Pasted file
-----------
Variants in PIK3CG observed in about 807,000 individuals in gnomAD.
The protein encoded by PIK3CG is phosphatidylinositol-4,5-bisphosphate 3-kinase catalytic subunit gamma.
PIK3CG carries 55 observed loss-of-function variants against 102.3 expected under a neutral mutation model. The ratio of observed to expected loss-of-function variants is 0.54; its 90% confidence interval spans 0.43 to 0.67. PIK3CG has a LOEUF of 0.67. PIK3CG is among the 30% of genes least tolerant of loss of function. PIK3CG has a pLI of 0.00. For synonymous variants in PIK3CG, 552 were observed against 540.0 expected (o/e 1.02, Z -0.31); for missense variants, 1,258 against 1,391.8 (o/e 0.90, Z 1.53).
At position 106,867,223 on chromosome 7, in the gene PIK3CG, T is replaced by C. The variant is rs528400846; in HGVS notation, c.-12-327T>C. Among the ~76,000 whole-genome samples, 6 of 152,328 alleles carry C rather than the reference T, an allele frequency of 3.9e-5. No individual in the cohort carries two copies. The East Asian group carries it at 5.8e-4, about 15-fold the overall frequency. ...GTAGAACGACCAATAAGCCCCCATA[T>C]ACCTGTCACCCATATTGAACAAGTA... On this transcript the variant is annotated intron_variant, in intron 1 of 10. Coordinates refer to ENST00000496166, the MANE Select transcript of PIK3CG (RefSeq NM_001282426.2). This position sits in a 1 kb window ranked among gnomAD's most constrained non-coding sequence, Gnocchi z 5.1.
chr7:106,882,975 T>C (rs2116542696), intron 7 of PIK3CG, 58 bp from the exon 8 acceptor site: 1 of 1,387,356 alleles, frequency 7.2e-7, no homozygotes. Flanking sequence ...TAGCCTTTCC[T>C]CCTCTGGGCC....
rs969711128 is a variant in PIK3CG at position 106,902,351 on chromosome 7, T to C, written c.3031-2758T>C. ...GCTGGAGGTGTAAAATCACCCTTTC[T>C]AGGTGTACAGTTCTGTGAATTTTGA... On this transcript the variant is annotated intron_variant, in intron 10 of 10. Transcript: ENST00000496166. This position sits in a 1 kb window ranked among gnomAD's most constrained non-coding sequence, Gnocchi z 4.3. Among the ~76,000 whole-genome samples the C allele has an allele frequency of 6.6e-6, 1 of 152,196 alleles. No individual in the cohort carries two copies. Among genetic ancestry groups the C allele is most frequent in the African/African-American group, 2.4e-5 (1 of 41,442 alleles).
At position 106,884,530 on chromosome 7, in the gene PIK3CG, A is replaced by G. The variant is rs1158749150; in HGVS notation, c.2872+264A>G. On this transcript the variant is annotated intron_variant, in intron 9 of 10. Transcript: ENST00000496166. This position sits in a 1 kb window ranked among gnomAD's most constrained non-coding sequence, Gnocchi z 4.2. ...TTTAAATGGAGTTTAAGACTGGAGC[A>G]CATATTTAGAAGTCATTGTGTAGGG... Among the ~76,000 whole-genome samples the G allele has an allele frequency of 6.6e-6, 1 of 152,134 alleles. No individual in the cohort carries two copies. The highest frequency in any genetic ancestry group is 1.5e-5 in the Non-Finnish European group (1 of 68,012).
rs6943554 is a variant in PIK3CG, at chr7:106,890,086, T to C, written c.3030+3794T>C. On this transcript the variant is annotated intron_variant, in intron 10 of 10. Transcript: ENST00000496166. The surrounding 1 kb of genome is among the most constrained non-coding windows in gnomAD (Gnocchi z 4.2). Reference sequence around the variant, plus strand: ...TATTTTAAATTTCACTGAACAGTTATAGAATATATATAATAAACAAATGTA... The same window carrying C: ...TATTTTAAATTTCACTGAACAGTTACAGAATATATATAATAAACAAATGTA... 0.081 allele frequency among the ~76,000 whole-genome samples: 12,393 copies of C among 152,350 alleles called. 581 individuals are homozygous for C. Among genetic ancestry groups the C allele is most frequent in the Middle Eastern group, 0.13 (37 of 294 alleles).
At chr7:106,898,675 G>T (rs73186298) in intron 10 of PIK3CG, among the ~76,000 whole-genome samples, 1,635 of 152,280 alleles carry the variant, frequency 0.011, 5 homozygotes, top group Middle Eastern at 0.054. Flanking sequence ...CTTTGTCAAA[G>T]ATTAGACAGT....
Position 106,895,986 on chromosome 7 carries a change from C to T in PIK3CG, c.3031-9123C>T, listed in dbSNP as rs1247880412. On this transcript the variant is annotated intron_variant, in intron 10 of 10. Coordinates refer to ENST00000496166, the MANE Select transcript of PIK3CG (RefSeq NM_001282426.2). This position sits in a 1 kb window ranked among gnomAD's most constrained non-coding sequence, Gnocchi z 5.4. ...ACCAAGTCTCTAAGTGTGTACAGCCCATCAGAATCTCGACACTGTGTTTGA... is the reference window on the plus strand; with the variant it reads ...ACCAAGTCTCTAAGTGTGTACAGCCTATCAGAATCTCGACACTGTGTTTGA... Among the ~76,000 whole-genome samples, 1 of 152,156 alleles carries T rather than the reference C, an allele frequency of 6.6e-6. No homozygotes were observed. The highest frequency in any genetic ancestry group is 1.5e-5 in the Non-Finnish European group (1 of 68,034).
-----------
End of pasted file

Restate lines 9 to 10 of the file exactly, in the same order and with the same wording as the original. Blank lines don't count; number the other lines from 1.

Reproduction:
At chr7:106,898,675 G>T (rs73186298) in intron 10 of PIK3CG, among the ~76,000 whole-genome samples, 1,635 of 152,280 alleles carry the variant, frequency 0.011, 5 homozygotes, top group Middle Eastern at 0.054. Flanking sequence ...CTTTGTCAAA[G>T]ATTAGACAGT....
Position 106,895,986 on chromosome 7 carries a change from C to T in PIK3CG, c.3031-9123C>T, listed in dbSNP as rs1247880412. On this transcript the variant is annotated intron_variant, in intron 10 of 10. Coordinates refer to ENST00000496166, the MANE Select transcript of PIK3CG (RefSeq NM_001282426.2). This position sits in a 1 kb window ranked among gnomAD's most constrained non-coding sequence, Gnocchi z 5.4. ...ACCAAGTCTCTAAGTGTGTACAGCCCATCAGAATCTCGACACTGTGTTTGA... is the reference window on the plus strand; with the variant it reads ...ACCAAGTCTCTAAGTGTGTACAGCCTATCAGAATCTCGACACTGTGTTTGA... Among the ~76,000 whole-genome samples, 1 of 152,156 alleles carries T rather than the reference C, an allele frequency of 6.6e-6. No homozygotes were observed. The highest frequency in any genetic ancestry group is 1.5e-5 in the Non-Finnish European group (1 of 68,034).